Walgreens may soon be able to change its tagline from "At the Corner of Happy & Healthy" to "Take This Tax and Shove It" if a group of powerful shareholders has its way.
The investors, including Goldman Sachs Investment Partners and several prominent hedge funds, own almost 5 percent of the retail pharmacy's stock. Together, they're pushing for Walgreen Company (NYSE:WAG) to re-domicile overseas to lessen its U.S. corporate income tax hit. In order for this to happen, at least 20 percent of Walgreens' shares would have to be owned by foreign investors.
This has entered the realm of possibility because of Walgreens' large stake in the Swiss-based Alliance Boots. Walgreens spent $6.7 billion to buy nearly half of the health and beauty group in 2012 and is scheduled to buy the rest next year. The total value of the deal is expected to be $16.2 billion.
UBS analysts recently calculated that Boots' tax rate would be about 20 percent because it is domiciled in Switzerland, while Walgreens' would be 37.5 percent. The analysts also calculated that by re-domiciling — effecting what's called a "tax inversion" — Walgreens' earnings per share could be increased by 75 percent. Hence last Friday's urgent meeting in Paris to try and persuade Walgreens' management to officially move.
Reportedly, Walgreens' management is reluctant to take this step because of a possible political backlash. It's true, there's always some political hay to be made by representatives of either party calling out companies skipping the country to lessen their tax burdens. Yet recent months have seen a surge in this kind of activity, particularly by Big Pharma.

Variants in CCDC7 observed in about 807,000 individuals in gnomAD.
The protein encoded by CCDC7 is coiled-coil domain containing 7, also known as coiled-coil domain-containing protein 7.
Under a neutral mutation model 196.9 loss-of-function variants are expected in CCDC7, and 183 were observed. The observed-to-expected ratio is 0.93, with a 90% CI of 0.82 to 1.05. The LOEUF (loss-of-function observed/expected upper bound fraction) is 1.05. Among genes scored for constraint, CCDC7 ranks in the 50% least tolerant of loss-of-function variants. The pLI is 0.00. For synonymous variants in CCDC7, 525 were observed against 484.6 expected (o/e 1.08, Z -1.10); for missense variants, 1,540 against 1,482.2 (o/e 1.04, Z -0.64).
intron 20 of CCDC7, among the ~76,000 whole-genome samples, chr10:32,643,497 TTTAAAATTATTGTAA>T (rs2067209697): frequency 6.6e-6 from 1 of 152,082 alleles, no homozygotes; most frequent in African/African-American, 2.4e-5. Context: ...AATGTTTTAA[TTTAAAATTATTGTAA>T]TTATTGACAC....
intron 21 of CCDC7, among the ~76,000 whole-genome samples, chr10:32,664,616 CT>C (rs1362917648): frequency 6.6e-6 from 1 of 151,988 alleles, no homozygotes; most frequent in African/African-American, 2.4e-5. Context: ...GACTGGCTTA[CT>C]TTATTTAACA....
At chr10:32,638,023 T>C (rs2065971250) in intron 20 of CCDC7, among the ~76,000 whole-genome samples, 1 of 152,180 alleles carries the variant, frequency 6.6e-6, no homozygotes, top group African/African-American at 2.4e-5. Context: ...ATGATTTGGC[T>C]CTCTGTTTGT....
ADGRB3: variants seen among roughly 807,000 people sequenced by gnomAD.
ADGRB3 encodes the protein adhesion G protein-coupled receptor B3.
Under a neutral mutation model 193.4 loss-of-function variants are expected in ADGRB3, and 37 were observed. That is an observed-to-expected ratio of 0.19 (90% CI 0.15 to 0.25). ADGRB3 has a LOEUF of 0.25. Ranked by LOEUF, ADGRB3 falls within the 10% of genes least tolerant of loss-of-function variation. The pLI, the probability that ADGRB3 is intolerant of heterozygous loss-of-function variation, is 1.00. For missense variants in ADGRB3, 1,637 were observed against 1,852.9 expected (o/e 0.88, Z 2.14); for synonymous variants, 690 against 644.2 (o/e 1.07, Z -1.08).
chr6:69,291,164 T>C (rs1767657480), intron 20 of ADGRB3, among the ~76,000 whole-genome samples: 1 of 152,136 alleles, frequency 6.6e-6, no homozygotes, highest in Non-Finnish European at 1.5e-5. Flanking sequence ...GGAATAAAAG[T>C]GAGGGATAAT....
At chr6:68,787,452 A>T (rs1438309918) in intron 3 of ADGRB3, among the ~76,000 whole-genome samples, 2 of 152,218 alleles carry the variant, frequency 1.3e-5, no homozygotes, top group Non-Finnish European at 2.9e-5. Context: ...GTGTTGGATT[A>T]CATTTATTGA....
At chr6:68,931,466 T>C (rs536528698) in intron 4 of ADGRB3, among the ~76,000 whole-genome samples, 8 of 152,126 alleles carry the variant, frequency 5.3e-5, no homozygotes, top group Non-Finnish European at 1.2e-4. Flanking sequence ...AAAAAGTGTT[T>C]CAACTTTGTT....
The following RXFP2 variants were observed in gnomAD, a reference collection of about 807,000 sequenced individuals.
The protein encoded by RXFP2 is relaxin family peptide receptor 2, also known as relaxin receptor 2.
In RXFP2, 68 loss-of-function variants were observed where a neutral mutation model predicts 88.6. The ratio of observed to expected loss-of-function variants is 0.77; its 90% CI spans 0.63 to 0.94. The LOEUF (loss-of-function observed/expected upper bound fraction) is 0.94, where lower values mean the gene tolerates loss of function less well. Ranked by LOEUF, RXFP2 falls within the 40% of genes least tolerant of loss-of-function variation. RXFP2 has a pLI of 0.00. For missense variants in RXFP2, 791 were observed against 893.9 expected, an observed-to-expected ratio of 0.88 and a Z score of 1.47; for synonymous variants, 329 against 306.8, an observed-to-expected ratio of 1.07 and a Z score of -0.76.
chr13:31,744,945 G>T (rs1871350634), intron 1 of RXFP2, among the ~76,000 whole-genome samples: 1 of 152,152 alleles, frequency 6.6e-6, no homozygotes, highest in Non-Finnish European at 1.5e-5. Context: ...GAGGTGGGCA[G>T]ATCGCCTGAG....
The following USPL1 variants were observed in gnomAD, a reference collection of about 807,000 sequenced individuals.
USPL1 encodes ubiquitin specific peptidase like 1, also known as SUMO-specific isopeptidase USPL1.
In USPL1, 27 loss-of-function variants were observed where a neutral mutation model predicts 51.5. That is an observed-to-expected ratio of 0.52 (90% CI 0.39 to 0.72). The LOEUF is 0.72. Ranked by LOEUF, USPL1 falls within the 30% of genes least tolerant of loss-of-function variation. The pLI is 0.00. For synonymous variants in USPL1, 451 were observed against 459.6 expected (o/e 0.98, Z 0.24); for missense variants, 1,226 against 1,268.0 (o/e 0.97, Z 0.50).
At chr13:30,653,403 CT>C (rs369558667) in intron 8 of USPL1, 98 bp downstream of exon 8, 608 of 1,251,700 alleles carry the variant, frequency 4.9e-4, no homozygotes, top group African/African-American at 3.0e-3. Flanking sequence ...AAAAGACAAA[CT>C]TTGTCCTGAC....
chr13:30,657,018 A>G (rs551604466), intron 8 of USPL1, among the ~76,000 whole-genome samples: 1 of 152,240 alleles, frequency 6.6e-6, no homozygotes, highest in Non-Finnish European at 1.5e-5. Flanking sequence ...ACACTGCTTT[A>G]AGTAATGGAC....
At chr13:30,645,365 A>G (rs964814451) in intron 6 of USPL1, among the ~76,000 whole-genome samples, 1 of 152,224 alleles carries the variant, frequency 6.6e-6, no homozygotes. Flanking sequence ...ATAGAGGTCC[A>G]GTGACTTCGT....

U.S. based Questcor Pharmaceuticals was recently purchased by Mallinckrodt, which is based in Dublin, Ireland, where the corporate income tax is 12.5 percent. The tax rate for Questcor’s business will fall by about 10 percent, Mallinckrodt’s chief financial officer told analysts last week.
Dealogic reports that this year has already seen $44 billion in global health care deals. Why the sudden rush? One reason, as the Financial Times explained recently, is that the Treasury Department has recently proposed new rules that would require companies hoping to lessen their U.S. corporate income tax burdens to be 50 percent foreign owned, rather than 20 percent.
Concerns of political blowback aside, Walgreens and many other U.S. brands contemplating a change in headquarters could also face consumer retaliation for moving offshore. Politicians can make speeches, but the product-buying public can decide to shop elsewhere, hitting a company's bottom line, at least in theory.
Luckily for U.S. based companies pondering such a move, typical American consumers are far are more concerned about the price and immediate availability of the products they want, as opposed to where the makers of said products are paying their taxes.
It's the American way, like complaining about the sorry state of the country's roads, bridges and other crumbling infrastructure such tax dodges make possible. Still, it's admirable that Walgreens' management is concerned at least on some level about blatantly ditching its native land for a not-insubstantial tax break, even if that concern is probably overblown.
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